Cultural institutions, like individuals, inherently have certain strengths and weaknesses. Gaps in collections can hamper the direction of these institutions’ pursuits and purpose. Collector Dimitris Daskalopoulos hopes to address this dilemma by jointly gifting approximately 100 contemporary works to both the Museum of Contemporary Art Chicago (MCA) and the Solomon R. Guggenheim Museum. Additionally, Tate in London and the Greek National Museum of Contemporary Art in Athens will receive donations of hundreds of paintings, sculptures, and mixed media art. This concept of a multi-museum philanthropic merger has enabled the D.Daskalopoulos Collection to disperse widely and wisely. For example, the MCA will receive a select group of works created during the 1980s and 1990s, rounding out voids in its holdings of artists, mediums, and subject matters.
Daskalopoulos, who is Greek and built a successful business, Vivartia, in his native country, now resides in Switzerland. Similarly, his presence within the art scene is impressively global. He developed a fondness for Chicago during his time as an MBA student at Northwestern University’s Kellogg School of Management. Over the years Daskalopoulos has maintained a sentimental connection to Chicago, further solidified by his recent donation and his seat on the MCA’s Board of Trustees. He sees MCA Pritzker Director Madeleine Grynsztejn as an “adviser” and values her leadership. The feeling appears to be mutual as Grynsztejn remarks, “Daskalopoulos shares the MCA’s dedication to harnessing the art of our time as a catalyst for critical thinking, social change, and reflection, marked by an unwavering belief that art expands our collective imagination.”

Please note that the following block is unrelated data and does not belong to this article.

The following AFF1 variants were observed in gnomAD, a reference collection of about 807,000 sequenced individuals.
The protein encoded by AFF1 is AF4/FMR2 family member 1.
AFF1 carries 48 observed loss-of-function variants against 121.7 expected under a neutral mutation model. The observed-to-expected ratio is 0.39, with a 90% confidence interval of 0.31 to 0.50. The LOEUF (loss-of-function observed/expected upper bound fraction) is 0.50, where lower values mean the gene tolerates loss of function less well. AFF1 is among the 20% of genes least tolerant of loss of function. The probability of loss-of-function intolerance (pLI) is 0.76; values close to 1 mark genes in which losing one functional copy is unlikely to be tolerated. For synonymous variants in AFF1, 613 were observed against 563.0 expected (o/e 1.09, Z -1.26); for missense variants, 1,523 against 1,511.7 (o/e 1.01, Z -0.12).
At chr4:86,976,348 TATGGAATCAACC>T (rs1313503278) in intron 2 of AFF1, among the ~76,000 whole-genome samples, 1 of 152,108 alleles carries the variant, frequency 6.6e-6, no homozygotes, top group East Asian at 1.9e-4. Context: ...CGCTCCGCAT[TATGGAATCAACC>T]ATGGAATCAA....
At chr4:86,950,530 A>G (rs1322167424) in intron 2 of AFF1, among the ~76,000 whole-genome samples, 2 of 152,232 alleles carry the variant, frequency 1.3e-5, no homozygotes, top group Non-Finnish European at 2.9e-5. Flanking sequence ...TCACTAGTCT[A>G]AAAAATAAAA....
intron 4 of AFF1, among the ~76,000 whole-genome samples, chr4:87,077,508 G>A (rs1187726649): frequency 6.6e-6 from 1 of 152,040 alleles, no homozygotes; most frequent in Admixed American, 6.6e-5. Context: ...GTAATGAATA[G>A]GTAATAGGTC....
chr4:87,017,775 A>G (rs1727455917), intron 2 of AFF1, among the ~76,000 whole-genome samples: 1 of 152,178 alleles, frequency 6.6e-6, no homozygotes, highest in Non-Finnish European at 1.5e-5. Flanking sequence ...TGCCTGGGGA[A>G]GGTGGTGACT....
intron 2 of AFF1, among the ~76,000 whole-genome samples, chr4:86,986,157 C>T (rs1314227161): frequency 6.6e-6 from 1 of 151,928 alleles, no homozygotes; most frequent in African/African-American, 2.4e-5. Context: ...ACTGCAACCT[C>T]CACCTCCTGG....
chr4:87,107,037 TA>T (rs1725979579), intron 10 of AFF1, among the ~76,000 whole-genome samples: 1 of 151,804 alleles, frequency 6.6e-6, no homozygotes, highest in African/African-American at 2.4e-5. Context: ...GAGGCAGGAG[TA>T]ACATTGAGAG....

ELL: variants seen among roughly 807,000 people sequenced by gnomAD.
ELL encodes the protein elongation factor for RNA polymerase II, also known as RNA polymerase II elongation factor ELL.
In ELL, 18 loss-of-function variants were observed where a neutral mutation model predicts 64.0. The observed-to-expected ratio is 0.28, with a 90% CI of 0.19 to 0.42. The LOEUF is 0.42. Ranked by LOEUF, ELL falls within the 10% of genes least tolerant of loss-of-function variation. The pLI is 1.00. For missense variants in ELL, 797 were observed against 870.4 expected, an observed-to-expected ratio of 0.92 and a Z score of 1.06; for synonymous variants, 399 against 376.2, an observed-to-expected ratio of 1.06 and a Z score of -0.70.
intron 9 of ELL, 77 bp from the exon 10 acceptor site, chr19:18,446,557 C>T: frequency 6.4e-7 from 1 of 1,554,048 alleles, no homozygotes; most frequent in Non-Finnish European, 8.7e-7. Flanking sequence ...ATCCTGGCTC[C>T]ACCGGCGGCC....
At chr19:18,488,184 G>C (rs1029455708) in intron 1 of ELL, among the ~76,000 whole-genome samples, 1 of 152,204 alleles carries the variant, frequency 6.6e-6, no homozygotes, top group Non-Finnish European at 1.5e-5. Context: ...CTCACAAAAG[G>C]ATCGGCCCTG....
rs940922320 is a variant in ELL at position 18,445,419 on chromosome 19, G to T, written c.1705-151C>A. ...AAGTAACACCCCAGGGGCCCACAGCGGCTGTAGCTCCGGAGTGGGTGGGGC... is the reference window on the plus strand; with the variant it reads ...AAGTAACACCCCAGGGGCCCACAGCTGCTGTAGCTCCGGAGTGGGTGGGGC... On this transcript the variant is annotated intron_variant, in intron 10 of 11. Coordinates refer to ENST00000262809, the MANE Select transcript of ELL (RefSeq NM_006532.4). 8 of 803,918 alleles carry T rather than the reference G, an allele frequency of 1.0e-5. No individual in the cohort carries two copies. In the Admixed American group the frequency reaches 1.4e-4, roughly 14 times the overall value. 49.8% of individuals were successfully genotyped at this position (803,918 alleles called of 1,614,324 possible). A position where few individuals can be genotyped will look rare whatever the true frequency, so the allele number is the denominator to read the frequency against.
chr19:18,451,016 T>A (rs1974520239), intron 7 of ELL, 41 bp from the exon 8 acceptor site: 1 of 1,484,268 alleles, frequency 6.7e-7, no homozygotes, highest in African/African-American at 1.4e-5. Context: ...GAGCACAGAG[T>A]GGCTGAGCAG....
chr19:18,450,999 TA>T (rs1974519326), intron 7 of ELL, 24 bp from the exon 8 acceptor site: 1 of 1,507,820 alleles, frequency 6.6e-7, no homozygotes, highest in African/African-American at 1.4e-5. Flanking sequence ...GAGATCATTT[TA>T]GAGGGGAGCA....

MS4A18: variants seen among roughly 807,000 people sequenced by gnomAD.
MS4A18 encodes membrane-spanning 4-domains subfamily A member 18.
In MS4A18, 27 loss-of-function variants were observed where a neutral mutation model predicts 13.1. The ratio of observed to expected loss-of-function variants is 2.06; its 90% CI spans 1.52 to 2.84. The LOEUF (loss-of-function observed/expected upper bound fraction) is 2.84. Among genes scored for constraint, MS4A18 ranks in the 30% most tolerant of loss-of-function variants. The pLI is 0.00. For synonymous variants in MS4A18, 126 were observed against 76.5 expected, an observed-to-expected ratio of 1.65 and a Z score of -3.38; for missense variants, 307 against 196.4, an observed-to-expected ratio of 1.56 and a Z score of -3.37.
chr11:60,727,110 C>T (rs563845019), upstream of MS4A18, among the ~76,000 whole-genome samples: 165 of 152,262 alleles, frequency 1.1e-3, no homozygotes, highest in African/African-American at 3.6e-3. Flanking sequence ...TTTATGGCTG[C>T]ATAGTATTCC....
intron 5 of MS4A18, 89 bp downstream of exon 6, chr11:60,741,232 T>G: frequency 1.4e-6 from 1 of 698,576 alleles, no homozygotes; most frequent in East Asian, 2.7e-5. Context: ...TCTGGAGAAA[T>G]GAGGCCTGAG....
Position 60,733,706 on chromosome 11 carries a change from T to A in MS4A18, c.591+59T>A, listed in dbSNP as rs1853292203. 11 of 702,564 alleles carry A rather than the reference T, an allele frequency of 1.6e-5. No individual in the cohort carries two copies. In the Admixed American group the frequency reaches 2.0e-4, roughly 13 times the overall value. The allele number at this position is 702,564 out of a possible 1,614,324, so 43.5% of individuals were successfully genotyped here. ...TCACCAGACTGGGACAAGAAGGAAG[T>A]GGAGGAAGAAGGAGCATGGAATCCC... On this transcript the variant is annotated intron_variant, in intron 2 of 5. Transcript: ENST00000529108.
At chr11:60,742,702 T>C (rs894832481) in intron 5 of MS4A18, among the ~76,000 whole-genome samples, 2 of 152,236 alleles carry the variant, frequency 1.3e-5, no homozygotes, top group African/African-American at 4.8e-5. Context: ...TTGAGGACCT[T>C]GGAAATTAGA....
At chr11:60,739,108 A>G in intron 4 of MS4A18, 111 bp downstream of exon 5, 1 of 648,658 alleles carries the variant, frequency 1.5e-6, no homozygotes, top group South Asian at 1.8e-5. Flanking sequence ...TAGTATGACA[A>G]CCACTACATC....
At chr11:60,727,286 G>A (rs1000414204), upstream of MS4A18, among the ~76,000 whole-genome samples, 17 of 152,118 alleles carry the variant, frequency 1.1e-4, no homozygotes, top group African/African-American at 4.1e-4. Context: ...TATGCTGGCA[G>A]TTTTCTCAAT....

Links to people and places have defined Daskalopoulos’ collection from its earliest stages. Since 1994, he has long been interested in the portrayal of humanity with an intent to ultimately see his collection grow and evolve in new settings. “I am not interested in having my name on a museum facade. There is no point or use in enforcing the permanent exhibition of the collection as I shaped it,” shares Daskalopoulos. “I wanted this private collection to become a public resource.” He has included funding for curatorial work at the museums as well as support for a shared post at the Guggenheim and MCA.
“It’s important to note how unprecedented this collaboration is and the model it may become for the future of giving,” says Richard Armstrong, Director of the Solomon R. Guggenheim Museum and Foundation. “Daskalopoulos cares about civic responsibility and making art accessible.” He previously established NEON, a non-profit organization to increase the visibility and lending of contemporary art throughout Greece. Today, those efforts will not only cross continents but will also help to further unite the world of art, and perhaps, the world in general.